Training

Training

Reasonable Suspicion Training and Designated Employer Representative Training (DER)

Reasonable Suspicion

Who Needs Reasonable Suspicion Training?

Employers who are either required to make reasonable suspicion determinations to test under federal or state regulations or are permitted to under state regulations should train their supervisors to make those determinations. Training must cover the specific physical, behavioral, and performance indicators of probable drug and alcohol use.

Employers with employees covered by federal regulations including United States Department of Transportation (DOT) regulations must abide by the following agency mandates:

•Federal Motor Carrier Safety Administration (FMCSA) - 49 CFR Part 382
•Federal Railroad Administration (FRA) - 49 CFR Part 219
•Federal Aviation Administration (FAA) - 14 CFR Part 120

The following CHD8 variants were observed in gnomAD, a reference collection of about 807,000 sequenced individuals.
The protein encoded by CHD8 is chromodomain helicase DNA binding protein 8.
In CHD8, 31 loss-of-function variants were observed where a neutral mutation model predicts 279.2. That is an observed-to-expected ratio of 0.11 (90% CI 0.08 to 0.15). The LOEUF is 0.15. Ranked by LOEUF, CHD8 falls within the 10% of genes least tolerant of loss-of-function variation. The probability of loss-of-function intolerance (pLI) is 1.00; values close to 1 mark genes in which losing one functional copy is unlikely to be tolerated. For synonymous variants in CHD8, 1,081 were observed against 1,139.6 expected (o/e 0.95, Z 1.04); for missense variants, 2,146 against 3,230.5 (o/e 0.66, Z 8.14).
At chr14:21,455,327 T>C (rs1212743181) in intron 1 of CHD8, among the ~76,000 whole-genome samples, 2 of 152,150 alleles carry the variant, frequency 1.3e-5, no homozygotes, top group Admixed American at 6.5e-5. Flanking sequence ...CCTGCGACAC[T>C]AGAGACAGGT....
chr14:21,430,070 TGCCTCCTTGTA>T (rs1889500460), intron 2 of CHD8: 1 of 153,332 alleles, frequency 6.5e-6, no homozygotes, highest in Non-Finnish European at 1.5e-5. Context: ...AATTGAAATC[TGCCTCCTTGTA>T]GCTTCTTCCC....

•Federal Transit Administration (FTA) - 49 CFR Part 655
•Pipeline and Hazardous Materials Safety Administration (PHMSA) - 49 CFR Part 199
•United States Coast Guard (USCG) - 46 CFR Parts 4, 5, and 16

The purpose of a reasonable suspicion training for supervisors is to identify potential substance abuse in the workplace, confront employees suspected of drug or alcohol abuse and refer employees to appropriate professional assistance if the donor tested positive.

Designated Employer Representative Training (DER)

Designated Employer Representative (DER) is the person(s) in charge of a company's Drug and Alcohol program, for DOT regulated employers. DER training is mandated by the U.S. Department of Transportation (DOT) under 49CRF Part 40. DER is not something that can be outsourced by a company and can be audited by the DOT.
Designated Employer Representative (DER) are the person(s) that receives test results and other communication for the employers regarding the testing process. The DER is an employee authorized by the employer to take immediate action to remove any employee from safety sensitive duties and make decisions regarding further testing and evaluation processes.

Every company covered by DOT regulations that employs safety-sensitive employees, must have one or more DERs. We recommend that Non-DOT programs also receive DER training but are not required to do so.